We already know that Nvidia’s Shield 2 handheld Android console is on the way. According to specs listed on an AnTuTu benchmark, the device will sport the company’s new Tegra K1 chip clocked at 2.5 GHz, a screen with a 1440 x 810 resolution, and Android 4.4.2. The device will also include 4 GB of memory, 16 GB of internal storage and a front-facing camera.
Now there’s a date that may or may not be accurate: July 22. That makes sense actually: the original Nvidia Shield launched on July 31, 2013, so it appears that Nvidia may be trying to keep launch windows 12 months apart. Actually the original Shield was slated for June 2013, but was pushed back a month. Hopefully the same won’t be true for the second-generation model.
As for the price, that’s unknown for now, but keep in mind that Nvidia tried to sell the original Shield for $349.99, but was pushed to knock $50 off due to pressure from the gaming community. Nvidia knocked off another $50 earlier this year, and is now offering $25 USD in Google Play credit with each $199 Shield purchase. Not too shabby.
Currently Nvidia’s Shield is the only mobile gaming platform where you can play Valve Software’s Half-Life 2 and Portal. For the uninitiated, Nvidia’s Shield has a built-in 5-inch touch screen with a 1280 x 720 resolution (294 PPI), the Nvidia Tegra 4 processor, 2 GB of RAM, 16 GB of internal storage, mini-HDMI output, a microSD card slot, dual-band Wireless N and Bluetooth 4.0 connectivity, and more.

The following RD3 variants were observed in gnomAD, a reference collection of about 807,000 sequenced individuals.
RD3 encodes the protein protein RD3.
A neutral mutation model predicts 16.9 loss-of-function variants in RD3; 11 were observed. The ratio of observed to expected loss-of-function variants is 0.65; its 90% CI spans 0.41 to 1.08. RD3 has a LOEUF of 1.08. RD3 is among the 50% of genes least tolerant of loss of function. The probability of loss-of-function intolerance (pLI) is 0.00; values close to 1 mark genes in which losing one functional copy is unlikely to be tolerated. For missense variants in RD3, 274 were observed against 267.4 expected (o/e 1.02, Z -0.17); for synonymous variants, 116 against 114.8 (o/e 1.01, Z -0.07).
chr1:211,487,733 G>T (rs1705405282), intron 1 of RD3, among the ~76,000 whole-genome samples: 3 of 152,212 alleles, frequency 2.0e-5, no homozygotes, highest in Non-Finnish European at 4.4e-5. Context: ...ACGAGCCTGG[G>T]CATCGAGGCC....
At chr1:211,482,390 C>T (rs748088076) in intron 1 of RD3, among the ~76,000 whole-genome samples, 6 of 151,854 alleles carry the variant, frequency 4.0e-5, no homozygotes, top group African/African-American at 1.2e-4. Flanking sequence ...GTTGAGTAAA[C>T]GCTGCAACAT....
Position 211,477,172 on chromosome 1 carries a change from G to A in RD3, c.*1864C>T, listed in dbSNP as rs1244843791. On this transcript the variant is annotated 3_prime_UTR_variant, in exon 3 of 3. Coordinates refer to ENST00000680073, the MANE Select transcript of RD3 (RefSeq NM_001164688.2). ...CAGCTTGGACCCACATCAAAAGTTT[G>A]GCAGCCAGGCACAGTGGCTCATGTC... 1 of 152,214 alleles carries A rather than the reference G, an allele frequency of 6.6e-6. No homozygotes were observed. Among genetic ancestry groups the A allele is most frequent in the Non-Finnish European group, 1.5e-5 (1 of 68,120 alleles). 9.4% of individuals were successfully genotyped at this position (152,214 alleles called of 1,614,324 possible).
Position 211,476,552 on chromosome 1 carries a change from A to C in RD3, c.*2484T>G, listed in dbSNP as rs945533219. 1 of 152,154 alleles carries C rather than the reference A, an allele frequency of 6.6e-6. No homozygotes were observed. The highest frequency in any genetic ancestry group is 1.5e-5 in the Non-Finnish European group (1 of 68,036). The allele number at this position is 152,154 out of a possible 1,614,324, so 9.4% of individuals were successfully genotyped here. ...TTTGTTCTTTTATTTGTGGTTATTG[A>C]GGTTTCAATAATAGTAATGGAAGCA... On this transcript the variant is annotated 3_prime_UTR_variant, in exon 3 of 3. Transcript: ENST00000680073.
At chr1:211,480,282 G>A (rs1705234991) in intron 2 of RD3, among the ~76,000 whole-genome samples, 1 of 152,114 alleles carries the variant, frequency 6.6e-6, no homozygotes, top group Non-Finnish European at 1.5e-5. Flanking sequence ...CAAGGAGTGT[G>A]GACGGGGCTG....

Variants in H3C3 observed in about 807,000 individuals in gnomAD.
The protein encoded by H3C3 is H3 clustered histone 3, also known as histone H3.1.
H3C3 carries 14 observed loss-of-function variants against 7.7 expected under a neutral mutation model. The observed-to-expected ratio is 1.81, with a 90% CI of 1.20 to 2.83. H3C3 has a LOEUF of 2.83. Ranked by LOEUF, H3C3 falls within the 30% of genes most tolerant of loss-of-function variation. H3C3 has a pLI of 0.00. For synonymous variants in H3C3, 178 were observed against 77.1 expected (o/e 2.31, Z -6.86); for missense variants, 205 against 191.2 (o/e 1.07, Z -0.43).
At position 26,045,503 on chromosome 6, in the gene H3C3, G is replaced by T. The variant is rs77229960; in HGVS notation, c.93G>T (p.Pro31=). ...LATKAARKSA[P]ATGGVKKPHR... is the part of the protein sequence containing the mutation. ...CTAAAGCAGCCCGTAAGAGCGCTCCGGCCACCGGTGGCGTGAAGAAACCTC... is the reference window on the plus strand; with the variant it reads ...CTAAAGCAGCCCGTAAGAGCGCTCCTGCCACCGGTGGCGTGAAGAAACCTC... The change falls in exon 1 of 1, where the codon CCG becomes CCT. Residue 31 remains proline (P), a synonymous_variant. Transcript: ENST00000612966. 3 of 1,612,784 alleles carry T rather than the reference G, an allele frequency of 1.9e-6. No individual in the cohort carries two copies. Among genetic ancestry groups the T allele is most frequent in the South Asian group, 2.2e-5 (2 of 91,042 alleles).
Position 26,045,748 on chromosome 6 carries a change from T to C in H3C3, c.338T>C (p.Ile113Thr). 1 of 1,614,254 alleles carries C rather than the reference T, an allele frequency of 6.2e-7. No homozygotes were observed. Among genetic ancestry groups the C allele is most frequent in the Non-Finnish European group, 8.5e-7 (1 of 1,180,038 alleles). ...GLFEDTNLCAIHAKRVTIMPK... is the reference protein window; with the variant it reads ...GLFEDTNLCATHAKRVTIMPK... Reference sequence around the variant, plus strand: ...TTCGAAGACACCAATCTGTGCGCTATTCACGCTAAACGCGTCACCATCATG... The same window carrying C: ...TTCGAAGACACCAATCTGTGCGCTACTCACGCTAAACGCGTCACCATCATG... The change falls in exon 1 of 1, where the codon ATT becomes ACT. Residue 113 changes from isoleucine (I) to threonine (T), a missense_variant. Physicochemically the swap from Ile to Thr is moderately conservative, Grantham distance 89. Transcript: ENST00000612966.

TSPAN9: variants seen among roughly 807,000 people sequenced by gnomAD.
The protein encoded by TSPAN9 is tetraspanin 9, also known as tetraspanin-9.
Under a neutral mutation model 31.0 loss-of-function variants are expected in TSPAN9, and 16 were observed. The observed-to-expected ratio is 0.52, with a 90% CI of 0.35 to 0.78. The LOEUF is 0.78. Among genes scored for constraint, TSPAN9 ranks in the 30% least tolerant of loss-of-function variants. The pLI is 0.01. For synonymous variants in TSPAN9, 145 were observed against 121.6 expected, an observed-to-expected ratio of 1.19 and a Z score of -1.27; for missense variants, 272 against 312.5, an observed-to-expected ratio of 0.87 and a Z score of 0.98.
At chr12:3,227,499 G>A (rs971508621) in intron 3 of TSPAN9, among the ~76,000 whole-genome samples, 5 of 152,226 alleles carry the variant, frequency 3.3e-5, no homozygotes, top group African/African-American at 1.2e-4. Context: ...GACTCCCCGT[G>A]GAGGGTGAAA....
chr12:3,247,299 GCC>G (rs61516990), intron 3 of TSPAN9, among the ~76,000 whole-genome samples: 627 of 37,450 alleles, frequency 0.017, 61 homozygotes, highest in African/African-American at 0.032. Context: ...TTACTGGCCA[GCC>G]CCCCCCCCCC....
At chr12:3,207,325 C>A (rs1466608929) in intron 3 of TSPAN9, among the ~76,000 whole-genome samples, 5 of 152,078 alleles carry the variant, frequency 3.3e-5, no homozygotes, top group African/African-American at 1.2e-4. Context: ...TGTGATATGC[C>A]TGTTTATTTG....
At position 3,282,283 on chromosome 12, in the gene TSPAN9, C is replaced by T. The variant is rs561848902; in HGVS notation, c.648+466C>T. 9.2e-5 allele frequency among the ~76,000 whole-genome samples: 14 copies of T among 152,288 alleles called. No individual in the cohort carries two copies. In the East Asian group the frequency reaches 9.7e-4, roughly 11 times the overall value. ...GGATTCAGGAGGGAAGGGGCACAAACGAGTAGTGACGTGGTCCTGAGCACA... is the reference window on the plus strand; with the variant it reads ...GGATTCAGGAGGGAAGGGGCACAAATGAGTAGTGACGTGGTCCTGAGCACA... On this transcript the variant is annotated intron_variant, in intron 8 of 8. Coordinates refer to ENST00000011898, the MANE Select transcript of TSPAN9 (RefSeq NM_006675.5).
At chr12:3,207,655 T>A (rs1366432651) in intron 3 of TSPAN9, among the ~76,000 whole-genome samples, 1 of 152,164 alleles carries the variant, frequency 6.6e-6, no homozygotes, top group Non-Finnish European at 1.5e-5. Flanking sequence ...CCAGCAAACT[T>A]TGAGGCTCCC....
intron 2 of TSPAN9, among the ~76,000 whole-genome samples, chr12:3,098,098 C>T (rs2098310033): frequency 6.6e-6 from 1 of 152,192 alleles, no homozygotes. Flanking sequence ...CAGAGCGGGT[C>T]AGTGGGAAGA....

The big selling point with Shield is that customers with a gaming machine that uses a Kepler-based Nvidia GeForce GPU can stream their compatible games to the Shield. There are also plenty of great Android games as well that are compatible with the Shield’s controller and Tegra chip. Thus the original Shield caters to two sets of gamers: the Android crowd and Nvidia GeForce customers.
Sources state that unlike the original Shield, the new Tegra K1-based model will ship worldwide. The first Shield unit only shipped within the United States and Canada.